Letter to the Editor: Vail Resorts fails to live up to its mission statement

Doug Laird

The big lie isn’t the 2020 election — it’s Vail’s stated mission to “provide exceptional experiences for our guests.” How can this possibly be reconciled with their Epic Pass auto-renew policy of not allowing guests to cancel an Epic Pass that doesn’t meet their limited conditions? 

We have been on auto-renew for years. This year, my daughter was accepted to a gap year school in Norway (ironically for skiing). This doesn’t meet the limited study abroad criteria for cancellation with Vail. The result is I was forced to purchase a pass I do not want, from which I will receive no benefit and fundamentally can’t use. It is absolutely worthless to me.

When I look online, I find similar stories from frustrated skiers. Let’s be clear, the total number of people wishing to cancel a pass has to be immaterial to the overall revenue of Vail Resorts. Additionally, the company sells out of season passes, so allowing one to be canceled would simply free up a pass for someone else who can’t get one. It would be revenue neutral to Vail. One might even say it would provide an exceptional experience for guests.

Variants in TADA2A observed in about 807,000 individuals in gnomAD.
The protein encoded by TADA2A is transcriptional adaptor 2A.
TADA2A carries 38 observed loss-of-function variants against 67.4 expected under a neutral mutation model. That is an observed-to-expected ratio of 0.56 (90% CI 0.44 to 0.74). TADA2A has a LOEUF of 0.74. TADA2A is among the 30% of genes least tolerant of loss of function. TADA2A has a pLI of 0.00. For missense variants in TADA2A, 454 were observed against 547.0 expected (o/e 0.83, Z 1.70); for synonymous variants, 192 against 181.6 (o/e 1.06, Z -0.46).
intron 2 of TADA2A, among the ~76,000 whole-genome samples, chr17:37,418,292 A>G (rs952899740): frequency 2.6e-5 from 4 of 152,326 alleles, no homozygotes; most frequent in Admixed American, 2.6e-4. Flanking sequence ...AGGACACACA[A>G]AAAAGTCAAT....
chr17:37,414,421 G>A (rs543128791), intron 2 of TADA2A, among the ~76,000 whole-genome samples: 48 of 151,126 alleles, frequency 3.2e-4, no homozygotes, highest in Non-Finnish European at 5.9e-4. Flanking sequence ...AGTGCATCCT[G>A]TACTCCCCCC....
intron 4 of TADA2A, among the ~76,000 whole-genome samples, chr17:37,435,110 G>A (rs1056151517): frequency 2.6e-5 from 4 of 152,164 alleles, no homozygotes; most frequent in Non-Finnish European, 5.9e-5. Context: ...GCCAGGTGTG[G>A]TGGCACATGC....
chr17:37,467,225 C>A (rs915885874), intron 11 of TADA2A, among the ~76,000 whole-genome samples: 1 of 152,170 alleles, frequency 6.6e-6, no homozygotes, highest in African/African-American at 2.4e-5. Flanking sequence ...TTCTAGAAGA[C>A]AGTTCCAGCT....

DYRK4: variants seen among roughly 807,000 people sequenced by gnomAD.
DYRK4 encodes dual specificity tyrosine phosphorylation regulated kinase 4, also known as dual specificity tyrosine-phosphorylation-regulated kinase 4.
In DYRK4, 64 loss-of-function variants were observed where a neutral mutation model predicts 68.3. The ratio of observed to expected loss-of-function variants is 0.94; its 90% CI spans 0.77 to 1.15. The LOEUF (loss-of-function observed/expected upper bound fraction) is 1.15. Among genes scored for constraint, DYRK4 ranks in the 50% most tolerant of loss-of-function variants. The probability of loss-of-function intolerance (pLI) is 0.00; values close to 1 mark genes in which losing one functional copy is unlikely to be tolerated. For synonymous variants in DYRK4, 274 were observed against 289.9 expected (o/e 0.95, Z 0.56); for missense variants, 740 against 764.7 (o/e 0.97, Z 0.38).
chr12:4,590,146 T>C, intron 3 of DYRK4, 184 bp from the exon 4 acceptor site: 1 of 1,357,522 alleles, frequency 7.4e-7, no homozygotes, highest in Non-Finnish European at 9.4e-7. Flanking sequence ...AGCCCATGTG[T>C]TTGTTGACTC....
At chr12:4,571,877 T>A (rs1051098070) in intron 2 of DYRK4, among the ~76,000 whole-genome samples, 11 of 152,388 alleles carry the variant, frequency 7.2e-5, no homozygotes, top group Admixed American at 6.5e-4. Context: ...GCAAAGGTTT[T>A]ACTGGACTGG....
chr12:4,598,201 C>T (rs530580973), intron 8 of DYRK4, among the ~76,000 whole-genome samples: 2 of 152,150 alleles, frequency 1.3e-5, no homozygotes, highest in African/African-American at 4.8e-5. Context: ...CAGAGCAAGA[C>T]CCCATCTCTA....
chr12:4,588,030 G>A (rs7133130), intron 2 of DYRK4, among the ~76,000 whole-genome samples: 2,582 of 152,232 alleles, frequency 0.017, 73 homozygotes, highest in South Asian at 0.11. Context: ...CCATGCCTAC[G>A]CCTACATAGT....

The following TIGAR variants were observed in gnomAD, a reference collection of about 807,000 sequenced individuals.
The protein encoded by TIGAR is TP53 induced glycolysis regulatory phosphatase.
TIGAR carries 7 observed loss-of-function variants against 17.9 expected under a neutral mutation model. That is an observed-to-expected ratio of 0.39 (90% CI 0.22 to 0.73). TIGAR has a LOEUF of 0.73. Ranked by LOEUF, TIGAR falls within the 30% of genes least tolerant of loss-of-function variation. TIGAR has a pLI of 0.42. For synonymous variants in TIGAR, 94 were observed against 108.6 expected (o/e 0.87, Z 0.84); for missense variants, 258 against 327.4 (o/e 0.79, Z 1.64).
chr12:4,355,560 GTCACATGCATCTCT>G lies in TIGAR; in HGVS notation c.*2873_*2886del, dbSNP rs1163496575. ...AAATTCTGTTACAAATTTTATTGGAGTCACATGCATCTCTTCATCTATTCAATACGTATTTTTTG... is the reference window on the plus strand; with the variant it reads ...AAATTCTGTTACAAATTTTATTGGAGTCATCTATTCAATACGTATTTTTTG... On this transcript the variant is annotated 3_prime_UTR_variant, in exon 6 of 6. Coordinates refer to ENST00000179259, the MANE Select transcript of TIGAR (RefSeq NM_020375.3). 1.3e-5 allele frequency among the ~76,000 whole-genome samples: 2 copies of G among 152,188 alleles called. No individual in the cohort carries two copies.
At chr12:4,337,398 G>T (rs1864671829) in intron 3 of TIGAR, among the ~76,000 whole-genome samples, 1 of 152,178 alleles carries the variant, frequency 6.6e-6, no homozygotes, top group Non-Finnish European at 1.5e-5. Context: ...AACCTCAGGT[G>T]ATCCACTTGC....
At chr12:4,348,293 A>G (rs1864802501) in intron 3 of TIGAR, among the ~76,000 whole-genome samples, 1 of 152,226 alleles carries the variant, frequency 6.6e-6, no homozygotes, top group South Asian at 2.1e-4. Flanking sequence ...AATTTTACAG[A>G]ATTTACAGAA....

I read the fine print of the company’s policy. Vail has certainly covered its position. But the company fails to get the point. That is, the policy contradicts its mission statement. In addition to multiple calls and emails going back to May, I have sent letters to CEO Kirsten Lynch and head of marketing Ryan Bennett. Their failure to respond exemplifies a lack of customer focus at the top. There is no logical path that gets from the cancellation policy to the mission statement. Vail Resorts’ callous attitude would be sad if it weren’t so frustrating.

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